Labels are so many, including nationalities, languages, religions, and genders – this in turn, impose different considerations and ideological behaviours which sometimes are intolerable and biased. We share 99.9% of our genes with each other, which means that we share almost the same diseases, pollution, energy, and climate change problems that impose different impacts on our economies, food security, and disaster management.
I believe that labelling is quite toxic and unfair, and to overcome such a labelling system, we need to avoid narrow-mindedness and prejudices. Science, in my opinion, is such a tool that never fails to stand as a very efficient language that we can all use to overcome all our differences and labels. Science is labels-free, neutral, and fair.
For example, it is really inspiring to see many politically conflicting groups of people gathering in one place, sharing scientific ideas and future plans, sharing hopes and optimism for the mutual benefit relying only on scientific collaboration – putting aside – even if for a short time – the conflicts, the wars, and the differences.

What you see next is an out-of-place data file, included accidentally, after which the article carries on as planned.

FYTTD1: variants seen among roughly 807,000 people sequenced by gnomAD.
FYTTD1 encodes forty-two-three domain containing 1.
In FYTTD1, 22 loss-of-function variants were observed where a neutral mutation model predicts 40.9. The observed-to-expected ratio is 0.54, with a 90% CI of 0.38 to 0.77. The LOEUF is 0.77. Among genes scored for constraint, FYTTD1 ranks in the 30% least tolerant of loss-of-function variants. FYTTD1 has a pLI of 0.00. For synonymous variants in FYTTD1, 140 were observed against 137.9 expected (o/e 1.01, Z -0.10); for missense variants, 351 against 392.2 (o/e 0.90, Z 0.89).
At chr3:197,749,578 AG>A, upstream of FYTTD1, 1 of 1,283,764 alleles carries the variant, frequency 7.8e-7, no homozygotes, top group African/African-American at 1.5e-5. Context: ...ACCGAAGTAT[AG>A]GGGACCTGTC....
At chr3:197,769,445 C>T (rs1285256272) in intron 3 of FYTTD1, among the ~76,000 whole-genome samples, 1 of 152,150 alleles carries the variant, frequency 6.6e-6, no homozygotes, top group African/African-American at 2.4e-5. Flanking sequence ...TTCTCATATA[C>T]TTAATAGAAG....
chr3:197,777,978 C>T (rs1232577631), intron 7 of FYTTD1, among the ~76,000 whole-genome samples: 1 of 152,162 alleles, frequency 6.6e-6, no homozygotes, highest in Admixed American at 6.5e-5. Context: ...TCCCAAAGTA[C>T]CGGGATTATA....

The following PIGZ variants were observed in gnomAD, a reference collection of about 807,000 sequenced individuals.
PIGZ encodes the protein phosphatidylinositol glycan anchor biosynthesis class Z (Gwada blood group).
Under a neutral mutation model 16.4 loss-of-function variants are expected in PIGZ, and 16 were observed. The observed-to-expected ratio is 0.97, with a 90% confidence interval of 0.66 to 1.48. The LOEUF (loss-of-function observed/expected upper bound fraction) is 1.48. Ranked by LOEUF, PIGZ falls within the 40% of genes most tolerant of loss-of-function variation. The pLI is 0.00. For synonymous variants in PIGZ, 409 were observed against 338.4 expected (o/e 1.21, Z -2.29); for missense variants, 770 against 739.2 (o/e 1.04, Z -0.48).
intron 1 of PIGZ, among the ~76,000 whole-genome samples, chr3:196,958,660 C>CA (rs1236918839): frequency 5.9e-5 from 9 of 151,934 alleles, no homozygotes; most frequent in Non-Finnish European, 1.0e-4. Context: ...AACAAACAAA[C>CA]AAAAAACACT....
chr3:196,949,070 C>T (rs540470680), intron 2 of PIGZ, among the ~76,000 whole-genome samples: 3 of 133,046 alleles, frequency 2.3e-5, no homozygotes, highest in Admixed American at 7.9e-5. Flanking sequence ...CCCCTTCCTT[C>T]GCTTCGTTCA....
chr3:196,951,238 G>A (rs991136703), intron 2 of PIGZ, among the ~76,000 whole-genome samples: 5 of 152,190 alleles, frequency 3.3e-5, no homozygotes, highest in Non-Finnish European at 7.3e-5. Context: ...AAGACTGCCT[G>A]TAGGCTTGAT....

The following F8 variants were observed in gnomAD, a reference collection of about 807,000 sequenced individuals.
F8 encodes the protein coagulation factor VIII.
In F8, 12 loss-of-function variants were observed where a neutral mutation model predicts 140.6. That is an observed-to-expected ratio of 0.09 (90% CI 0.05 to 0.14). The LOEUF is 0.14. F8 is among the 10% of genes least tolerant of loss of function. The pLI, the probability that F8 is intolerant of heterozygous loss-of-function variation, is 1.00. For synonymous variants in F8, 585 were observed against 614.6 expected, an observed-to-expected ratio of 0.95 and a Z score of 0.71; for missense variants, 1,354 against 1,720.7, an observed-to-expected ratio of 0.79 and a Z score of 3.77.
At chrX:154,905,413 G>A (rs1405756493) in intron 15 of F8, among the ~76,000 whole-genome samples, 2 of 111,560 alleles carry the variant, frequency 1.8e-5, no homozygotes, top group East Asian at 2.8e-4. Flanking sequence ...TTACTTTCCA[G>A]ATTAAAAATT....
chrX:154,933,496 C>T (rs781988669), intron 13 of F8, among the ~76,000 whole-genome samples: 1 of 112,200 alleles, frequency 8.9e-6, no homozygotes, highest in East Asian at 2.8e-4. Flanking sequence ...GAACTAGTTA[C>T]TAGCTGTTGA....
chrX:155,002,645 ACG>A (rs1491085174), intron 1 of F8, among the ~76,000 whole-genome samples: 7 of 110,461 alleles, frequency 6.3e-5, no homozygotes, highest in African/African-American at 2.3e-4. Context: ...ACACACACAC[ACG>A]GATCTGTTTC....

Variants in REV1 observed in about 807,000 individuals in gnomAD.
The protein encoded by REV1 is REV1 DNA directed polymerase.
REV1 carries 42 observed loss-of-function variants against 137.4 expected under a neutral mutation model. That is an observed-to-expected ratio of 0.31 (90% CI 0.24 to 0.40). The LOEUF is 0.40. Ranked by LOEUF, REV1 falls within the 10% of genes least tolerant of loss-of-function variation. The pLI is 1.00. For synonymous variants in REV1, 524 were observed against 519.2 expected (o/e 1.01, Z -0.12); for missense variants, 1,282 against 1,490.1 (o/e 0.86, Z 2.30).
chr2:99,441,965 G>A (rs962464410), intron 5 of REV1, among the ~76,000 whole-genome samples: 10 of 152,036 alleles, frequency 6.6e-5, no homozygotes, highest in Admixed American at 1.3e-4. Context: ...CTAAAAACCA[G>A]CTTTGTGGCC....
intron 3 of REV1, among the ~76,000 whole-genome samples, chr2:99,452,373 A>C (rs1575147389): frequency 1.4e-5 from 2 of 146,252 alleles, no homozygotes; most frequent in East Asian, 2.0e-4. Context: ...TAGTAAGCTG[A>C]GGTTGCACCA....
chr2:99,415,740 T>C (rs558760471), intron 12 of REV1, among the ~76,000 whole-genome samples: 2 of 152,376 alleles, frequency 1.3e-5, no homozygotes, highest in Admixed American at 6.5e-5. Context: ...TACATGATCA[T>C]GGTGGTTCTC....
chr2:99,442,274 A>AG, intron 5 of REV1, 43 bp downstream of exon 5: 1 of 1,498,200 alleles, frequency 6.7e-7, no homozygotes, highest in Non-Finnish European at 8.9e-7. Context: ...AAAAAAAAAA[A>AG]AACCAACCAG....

Another label – that unfortunately still dominates many scientific societies even in the developed countries – is the women in “discipline” terminology – be it women in science, women in engineering, etc. I believe that such a concept would not be that public unless it represents a real and persisting challenge.
You were the first woman scientist to join SESAME. What did it mean to you? What advice would you give to young women who aspire to work in your field?
I was alerted at an early age to the discrimination imposed by the wider society and some of the male teachers and professors I encountered, that women do not belong in science which should be left for men. In a way, my scientific ambition was quite a rebellion in addition of being merely a choice of specialisation. Our culture ideals impose rigid obstacles on the role and capacity of women in the society. When I joined SESAME, I was – and still am – the only woman scientist in the place. It meant a huge challenge and a remarkable experience, one of a kind to me. I knew that I would have to work extremely hard, firstly to become as expert as possible in the field and, of equal importance, to rise above the biased as well as the flawed prejudgements.